Information about the chemical also should be available in the Material Safety Data Sheet found in the MSDS binder that must be hanging in any workplace using hazardous chemicals. The sheet for the chemical involved should be removed and sent along with the affected worker to the hospital so that the doctors treating them has the information they need.

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CMA CGM Benjamin Frankling (Photo courtesy of CMA CGM)

CMA CGM Benjamin Franklin (Photo courtesy of CMA CGM)

The cargo container shipping industry is scrambling to comply with new international regulations that are about to go into effect.

In less than 90 days, any shipping container leaving from any port in the world will need to have a verified shipping document that is signed either electronically or by hand by the shipper on the bill of lading. This document must include the verified gross mass of the container before it can be loaded onto any ship.

July 1 Deadline

These new rules, which go into effect at ports and harbors around the world on July 1, have been mandated by the International Maritime Organization as part of the global Safety of Life at Sea (SOLAS) convention that applies to every nation.

The requirements come in the wake of maritime casualties caused by improperly declared weights, such as the sinking of the MSC Napoli off the southern coast of the UK in 2007 and the partial capsizing of a feeder ship in the Spanish port of Algeciras last June.

Infographic courtesy of JOC

Infographic courtesy of JOC

Two Ways to Weigh

The new rules require weighing to be done one of two ways — known as Method 1 and Method 2 — and must be done using scales that have been calibrated and certified according to the national standards of the country where the weighing was performed.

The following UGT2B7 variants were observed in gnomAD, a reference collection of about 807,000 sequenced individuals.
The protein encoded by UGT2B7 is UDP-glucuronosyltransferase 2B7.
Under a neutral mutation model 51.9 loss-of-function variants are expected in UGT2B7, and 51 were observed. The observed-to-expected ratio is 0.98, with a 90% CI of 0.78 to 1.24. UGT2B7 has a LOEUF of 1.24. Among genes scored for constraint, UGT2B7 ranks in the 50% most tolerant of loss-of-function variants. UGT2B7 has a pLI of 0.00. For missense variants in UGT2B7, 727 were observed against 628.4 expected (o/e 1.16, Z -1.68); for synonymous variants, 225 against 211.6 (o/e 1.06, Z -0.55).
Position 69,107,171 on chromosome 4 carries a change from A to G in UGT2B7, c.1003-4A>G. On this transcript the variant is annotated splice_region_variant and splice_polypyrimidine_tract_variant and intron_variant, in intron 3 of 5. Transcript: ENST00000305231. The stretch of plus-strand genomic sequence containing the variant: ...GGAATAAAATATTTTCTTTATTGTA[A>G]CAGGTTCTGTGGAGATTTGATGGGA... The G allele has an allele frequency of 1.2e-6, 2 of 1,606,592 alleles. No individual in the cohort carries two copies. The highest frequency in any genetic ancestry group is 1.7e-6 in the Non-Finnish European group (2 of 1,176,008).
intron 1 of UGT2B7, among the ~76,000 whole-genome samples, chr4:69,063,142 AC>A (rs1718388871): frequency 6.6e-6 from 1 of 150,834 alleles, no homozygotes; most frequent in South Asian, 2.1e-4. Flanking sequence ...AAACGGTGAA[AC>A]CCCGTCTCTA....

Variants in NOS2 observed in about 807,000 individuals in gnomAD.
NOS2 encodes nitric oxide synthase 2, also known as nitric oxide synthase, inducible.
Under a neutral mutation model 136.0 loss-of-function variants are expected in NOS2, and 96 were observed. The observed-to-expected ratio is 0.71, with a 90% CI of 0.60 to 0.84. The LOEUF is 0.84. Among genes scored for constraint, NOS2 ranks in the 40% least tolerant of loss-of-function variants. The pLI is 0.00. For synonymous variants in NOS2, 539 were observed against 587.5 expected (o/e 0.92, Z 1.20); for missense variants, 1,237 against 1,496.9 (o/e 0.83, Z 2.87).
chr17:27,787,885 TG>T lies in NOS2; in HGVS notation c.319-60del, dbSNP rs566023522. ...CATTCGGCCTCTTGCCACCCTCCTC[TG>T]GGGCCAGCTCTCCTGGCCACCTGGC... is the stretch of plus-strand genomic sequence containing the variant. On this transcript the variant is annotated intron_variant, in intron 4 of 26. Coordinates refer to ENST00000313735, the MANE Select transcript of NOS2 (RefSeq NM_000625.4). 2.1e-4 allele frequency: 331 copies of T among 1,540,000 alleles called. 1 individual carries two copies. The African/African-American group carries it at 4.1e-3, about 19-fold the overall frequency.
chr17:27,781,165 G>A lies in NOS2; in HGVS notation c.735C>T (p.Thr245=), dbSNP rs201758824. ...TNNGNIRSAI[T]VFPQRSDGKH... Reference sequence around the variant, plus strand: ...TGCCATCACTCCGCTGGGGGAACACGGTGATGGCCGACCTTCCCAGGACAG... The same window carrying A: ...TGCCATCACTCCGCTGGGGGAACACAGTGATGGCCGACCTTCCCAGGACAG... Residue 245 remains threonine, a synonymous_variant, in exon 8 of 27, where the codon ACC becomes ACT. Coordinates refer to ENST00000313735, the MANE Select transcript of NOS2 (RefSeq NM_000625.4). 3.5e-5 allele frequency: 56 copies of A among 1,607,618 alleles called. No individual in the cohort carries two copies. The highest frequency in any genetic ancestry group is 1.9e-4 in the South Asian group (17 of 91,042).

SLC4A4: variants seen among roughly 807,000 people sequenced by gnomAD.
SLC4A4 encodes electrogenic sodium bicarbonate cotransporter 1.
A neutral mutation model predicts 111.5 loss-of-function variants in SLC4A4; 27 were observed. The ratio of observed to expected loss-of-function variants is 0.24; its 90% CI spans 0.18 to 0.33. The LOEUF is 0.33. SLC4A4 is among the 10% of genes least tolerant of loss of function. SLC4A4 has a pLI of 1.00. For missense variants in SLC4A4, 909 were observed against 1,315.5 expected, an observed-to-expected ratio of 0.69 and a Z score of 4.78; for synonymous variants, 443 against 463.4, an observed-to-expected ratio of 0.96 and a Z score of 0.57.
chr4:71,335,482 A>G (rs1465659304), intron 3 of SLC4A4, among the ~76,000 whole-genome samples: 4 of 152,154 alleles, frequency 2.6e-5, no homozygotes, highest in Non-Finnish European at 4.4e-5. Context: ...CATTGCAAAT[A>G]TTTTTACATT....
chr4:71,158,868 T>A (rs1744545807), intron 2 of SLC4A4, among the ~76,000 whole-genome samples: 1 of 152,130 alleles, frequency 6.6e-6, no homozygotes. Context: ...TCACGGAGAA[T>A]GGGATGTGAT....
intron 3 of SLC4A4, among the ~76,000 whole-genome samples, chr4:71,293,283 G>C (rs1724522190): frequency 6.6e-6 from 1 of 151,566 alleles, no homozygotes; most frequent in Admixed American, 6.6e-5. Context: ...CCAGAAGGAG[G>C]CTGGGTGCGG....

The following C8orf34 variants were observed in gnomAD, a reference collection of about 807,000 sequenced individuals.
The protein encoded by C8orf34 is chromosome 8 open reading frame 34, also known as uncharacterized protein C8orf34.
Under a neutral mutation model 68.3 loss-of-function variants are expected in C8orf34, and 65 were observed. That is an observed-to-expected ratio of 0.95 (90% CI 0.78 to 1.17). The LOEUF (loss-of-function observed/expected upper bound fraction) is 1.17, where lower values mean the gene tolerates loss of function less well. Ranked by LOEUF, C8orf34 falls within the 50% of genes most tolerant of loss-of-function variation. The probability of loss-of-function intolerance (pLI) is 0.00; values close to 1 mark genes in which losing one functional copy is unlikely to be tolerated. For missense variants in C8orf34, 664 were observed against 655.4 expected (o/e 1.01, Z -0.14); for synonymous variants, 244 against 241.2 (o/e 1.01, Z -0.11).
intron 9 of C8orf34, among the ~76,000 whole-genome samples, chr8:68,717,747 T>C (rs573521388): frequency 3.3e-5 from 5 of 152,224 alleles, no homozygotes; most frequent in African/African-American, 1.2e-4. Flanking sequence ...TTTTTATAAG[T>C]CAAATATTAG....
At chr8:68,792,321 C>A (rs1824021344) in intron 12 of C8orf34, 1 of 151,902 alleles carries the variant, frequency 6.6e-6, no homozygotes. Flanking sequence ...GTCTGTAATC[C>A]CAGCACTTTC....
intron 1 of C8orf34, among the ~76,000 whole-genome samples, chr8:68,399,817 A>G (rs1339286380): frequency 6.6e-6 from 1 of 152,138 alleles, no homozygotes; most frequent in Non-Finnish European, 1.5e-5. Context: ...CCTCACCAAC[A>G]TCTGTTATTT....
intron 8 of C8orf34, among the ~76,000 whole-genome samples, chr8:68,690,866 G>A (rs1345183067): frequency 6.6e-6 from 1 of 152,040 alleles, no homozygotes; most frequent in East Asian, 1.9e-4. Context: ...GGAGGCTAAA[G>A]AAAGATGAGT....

Method 1 requires a loaded container to be placed on a weighbridge.  The weight of the truck, chassis and fuel are then subtracted to give the weight of the packed container.

Method 2 requires each item to be weighed separately, including the packaging, palleting, dunnage and other packing and security materials. The sum of this weight is then added to the weight of the container to give the total weight of the packed container.

Enforcement Depends on Country

These new rules are designed to help protect the loss of life and property at sea. But enforcement of these international regulations is still a question mark.

Many of the details about regulatory enforcement — such as what happens to a container that arrives at a port without the required documentation — still need to be worked out. In some countries, terminals may choose to hold the container or send it back. But whatever happens, the ship will leave the port without the container that is in noncompliance.

In the US, the Coast Guard will be responsible for enforcing the new rules. In other countries, it will be up to the agency responsible for SOLAS regulations.

Punishments for violating the new rules will vary by country.

‘For More Information …’ 

On June 1, the International Cargo Handling Coordination Association will sponsor a “One Month to Go” training seminar at its international headquarters in Antwerp, Belgium, to discuss the new law and to answer questions about its application and enforcement.

The ICHCA is an NGO that was involved in the drafting of the new international SOLAS regulation.

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Safety On and Around the Loading Dock

19 Apr 2016